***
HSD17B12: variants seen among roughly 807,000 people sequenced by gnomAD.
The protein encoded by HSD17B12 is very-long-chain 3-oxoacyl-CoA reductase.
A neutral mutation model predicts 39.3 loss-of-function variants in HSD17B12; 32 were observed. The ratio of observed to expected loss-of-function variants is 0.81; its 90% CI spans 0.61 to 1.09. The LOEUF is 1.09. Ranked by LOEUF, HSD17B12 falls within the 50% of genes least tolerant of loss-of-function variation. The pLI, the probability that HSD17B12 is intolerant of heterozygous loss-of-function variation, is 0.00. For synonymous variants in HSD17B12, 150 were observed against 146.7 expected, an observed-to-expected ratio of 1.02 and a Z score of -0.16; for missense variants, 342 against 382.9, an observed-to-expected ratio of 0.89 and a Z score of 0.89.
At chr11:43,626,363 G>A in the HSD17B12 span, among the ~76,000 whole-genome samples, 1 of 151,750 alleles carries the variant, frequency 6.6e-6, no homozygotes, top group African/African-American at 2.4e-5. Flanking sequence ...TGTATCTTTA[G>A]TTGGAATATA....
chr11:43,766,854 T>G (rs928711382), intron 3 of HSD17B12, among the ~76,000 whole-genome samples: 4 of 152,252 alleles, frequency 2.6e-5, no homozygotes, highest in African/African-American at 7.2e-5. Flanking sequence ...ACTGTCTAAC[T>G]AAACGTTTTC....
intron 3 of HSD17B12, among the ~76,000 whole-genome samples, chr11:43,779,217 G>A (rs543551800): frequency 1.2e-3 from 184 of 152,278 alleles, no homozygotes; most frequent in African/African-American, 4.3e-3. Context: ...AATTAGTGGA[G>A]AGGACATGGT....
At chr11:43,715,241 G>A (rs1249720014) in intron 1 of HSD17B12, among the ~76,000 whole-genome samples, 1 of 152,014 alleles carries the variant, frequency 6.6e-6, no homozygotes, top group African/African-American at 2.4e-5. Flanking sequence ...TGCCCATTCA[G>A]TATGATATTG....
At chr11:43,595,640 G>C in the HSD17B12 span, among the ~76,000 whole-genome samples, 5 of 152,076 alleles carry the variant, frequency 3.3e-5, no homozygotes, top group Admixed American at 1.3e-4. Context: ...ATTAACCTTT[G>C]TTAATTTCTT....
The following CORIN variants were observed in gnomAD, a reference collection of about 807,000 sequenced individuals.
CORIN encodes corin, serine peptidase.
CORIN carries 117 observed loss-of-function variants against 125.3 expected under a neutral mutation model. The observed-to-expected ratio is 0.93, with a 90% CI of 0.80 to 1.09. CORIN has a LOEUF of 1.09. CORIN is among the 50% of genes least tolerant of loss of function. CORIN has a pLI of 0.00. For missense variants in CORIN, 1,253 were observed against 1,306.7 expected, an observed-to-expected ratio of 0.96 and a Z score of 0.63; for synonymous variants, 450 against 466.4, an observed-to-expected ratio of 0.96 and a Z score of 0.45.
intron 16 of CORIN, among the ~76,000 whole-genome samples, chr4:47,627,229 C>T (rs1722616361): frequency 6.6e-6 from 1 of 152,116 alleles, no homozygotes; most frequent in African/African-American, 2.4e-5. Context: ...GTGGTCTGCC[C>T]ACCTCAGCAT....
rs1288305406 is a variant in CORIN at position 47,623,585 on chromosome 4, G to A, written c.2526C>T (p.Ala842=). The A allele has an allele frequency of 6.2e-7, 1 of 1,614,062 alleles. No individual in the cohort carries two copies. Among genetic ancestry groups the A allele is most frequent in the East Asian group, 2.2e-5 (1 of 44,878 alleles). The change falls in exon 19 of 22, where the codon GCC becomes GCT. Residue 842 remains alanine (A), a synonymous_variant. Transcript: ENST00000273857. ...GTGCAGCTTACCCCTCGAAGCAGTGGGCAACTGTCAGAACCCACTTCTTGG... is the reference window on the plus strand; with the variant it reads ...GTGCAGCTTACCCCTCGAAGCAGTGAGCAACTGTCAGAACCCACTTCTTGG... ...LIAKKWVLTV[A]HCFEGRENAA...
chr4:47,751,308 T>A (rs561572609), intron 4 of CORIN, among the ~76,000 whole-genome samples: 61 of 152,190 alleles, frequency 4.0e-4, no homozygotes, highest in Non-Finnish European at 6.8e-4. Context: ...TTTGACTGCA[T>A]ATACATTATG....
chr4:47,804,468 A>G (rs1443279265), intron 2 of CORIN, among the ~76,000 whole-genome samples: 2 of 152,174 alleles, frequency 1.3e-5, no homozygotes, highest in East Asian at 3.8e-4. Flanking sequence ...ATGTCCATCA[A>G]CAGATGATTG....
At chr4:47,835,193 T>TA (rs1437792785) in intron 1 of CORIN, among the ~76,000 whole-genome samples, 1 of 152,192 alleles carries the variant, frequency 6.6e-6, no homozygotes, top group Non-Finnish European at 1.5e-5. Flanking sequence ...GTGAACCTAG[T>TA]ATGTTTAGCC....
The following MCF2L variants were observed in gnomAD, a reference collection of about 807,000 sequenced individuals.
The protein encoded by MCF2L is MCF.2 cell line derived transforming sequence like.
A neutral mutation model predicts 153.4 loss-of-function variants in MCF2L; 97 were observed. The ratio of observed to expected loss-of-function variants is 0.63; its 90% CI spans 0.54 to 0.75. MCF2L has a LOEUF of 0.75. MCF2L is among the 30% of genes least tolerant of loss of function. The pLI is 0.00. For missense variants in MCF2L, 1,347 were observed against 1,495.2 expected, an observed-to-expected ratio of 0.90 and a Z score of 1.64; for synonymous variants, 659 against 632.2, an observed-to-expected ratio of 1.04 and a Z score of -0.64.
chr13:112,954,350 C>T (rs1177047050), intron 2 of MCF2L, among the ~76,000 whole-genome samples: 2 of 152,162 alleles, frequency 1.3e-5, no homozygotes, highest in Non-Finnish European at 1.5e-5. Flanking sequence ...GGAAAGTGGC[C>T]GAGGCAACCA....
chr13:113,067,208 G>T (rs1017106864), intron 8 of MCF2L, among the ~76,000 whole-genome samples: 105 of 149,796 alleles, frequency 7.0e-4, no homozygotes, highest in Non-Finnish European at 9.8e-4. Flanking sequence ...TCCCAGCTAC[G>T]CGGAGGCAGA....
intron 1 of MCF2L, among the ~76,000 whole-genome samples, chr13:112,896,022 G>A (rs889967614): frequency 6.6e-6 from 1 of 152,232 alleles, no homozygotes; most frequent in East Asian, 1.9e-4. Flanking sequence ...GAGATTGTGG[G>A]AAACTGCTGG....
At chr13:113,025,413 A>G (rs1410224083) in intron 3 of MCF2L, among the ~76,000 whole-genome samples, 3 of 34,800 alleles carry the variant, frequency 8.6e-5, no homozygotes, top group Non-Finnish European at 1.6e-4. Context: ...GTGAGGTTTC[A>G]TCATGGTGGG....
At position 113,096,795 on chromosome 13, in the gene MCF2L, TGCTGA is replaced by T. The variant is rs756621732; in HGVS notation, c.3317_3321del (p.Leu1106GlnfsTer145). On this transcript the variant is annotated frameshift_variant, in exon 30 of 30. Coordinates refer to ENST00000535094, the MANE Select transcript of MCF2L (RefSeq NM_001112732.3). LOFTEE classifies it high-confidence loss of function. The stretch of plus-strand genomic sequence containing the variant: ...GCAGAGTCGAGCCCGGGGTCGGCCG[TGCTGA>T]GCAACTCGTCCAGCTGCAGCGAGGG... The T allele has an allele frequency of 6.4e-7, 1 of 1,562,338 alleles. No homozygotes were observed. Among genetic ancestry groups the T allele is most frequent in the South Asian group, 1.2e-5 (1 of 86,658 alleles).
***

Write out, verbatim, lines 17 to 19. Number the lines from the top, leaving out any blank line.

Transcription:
The following MCF2L variants were observed in gnomAD, a reference collection of about 807,000 sequenced individuals.
The protein encoded by MCF2L is MCF.2 cell line derived transforming sequence like.
A neutral mutation model predicts 153.4 loss-of-function variants in MCF2L; 97 were observed. The ratio of observed to expected loss-of-function variants is 0.63; its 90% CI spans 0.54 to 0.75. MCF2L has a LOEUF of 0.75. MCF2L is among the 30% of genes least tolerant of loss of function. The pLI is 0.00. For missense variants in MCF2L, 1,347 were observed against 1,495.2 expected, an observed-to-expected ratio of 0.90 and a Z score of 1.64; for synonymous variants, 659 against 632.2, an observed-to-expected ratio of 1.04 and a Z score of -0.64.